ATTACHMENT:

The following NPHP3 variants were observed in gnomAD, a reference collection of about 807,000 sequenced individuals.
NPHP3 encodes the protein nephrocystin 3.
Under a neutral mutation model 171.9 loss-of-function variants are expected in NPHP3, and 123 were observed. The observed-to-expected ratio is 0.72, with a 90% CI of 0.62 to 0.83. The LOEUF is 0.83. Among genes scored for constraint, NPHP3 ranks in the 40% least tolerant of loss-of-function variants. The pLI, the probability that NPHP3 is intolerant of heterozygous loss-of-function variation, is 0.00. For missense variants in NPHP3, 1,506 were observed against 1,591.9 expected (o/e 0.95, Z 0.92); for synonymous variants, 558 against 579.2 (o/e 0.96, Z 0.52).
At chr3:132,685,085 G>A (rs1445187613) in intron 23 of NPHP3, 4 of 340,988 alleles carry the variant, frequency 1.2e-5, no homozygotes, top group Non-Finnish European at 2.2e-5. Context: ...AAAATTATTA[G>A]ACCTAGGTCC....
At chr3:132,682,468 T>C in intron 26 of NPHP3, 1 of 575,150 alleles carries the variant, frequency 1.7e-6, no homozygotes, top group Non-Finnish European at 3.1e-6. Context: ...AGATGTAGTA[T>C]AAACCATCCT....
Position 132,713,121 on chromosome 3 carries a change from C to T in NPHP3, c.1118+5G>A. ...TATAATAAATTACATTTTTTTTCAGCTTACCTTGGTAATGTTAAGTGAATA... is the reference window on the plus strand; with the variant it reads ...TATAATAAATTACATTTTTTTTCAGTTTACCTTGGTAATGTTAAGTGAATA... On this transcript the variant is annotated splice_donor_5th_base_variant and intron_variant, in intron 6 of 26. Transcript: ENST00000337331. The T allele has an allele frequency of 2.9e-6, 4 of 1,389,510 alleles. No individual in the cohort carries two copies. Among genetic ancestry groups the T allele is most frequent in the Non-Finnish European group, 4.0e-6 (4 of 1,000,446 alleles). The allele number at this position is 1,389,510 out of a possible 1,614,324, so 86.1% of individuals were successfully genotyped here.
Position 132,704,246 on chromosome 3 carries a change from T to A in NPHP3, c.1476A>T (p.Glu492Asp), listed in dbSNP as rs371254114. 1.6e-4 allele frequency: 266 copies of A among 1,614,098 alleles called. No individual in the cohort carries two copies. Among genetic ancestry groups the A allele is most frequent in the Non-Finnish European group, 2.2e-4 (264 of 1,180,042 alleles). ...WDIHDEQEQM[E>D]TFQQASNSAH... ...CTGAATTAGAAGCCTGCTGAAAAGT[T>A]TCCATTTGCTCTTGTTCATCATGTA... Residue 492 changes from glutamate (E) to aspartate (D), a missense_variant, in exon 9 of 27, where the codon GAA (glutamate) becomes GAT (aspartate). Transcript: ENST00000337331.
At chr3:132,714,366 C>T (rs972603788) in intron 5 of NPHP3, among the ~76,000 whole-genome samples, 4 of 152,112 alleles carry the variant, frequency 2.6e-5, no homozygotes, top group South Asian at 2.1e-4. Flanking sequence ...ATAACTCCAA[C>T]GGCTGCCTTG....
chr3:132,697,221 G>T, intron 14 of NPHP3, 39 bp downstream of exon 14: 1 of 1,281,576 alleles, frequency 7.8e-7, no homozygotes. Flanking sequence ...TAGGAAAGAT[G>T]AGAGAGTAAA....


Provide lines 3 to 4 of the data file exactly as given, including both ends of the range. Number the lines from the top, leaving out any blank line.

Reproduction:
Under a neutral mutation model 171.9 loss-of-function variants are expected in NPHP3, and 123 were observed. The observed-to-expected ratio is 0.72, with a 90% CI of 0.62 to 0.83. The LOEUF is 0.83. Among genes scored for constraint, NPHP3 ranks in the 40% least tolerant of loss-of-function variants. The pLI, the probability that NPHP3 is intolerant of heterozygous loss-of-function variation, is 0.00. For missense variants in NPHP3, 1,506 were observed against 1,591.9 expected (o/e 0.95, Z 0.92); for synonymous variants, 558 against 579.2 (o/e 0.96, Z 0.52).
At chr3:132,685,085 G>A (rs1445187613) in intron 23 of NPHP3, 4 of 340,988 alleles carry the variant, frequency 1.2e-5, no homozygotes, top group Non-Finnish European at 2.2e-5. Context: ...AAAATTATTA[G>A]ACCTAGGTCC....